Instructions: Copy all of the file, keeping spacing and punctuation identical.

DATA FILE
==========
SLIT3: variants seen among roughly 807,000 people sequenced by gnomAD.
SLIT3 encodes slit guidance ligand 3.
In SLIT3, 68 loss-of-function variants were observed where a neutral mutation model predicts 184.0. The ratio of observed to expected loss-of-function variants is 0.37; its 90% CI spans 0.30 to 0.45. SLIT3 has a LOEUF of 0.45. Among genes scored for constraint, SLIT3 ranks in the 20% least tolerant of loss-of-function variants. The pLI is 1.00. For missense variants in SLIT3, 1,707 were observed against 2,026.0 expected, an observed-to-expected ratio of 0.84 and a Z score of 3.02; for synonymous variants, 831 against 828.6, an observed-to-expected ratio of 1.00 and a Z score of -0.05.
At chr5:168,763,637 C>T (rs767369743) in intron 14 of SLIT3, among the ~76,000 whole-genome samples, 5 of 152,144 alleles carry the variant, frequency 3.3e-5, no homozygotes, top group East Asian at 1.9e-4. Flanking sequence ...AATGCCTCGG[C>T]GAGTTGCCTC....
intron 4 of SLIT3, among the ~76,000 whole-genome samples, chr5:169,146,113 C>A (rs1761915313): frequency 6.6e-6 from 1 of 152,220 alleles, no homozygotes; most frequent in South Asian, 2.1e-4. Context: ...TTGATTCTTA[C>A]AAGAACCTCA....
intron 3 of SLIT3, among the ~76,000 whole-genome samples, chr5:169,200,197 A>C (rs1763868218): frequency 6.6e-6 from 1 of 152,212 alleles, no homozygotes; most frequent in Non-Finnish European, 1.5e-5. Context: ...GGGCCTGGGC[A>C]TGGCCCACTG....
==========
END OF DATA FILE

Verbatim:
SLIT3: variants seen among roughly 807,000 people sequenced by gnomAD.
SLIT3 encodes slit guidance ligand 3.
In SLIT3, 68 loss-of-function variants were observed where a neutral mutation model predicts 184.0. The ratio of observed to expected loss-of-function variants is 0.37; its 90% CI spans 0.30 to 0.45. SLIT3 has a LOEUF of 0.45. Among genes scored for constraint, SLIT3 ranks in the 20% least tolerant of loss-of-function variants. The pLI is 1.00. For missense variants in SLIT3, 1,707 were observed against 2,026.0 expected, an observed-to-expected ratio of 0.84 and a Z score of 3.02; for synonymous variants, 831 against 828.6, an observed-to-expected ratio of 1.00 and a Z score of -0.05.
At chr5:168,763,637 C>T (rs767369743) in intron 14 of SLIT3, among the ~76,000 whole-genome samples, 5 of 152,144 alleles carry the variant, frequency 3.3e-5, no homozygotes, top group East Asian at 1.9e-4. Flanking sequence ...AATGCCTCGG[C>T]GAGTTGCCTC....
intron 4 of SLIT3, among the ~76,000 whole-genome samples, chr5:169,146,113 C>A (rs1761915313): frequency 6.6e-6 from 1 of 152,220 alleles, no homozygotes; most frequent in South Asian, 2.1e-4. Context: ...TTGATTCTTA[C>A]AAGAACCTCA....
intron 3 of SLIT3, among the ~76,000 whole-genome samples, chr5:169,200,197 A>C (rs1763868218): frequency 6.6e-6 from 1 of 152,212 alleles, no homozygotes; most frequent in Non-Finnish European, 1.5e-5. Context: ...GGGCCTGGGC[A>C]TGGCCCACTG....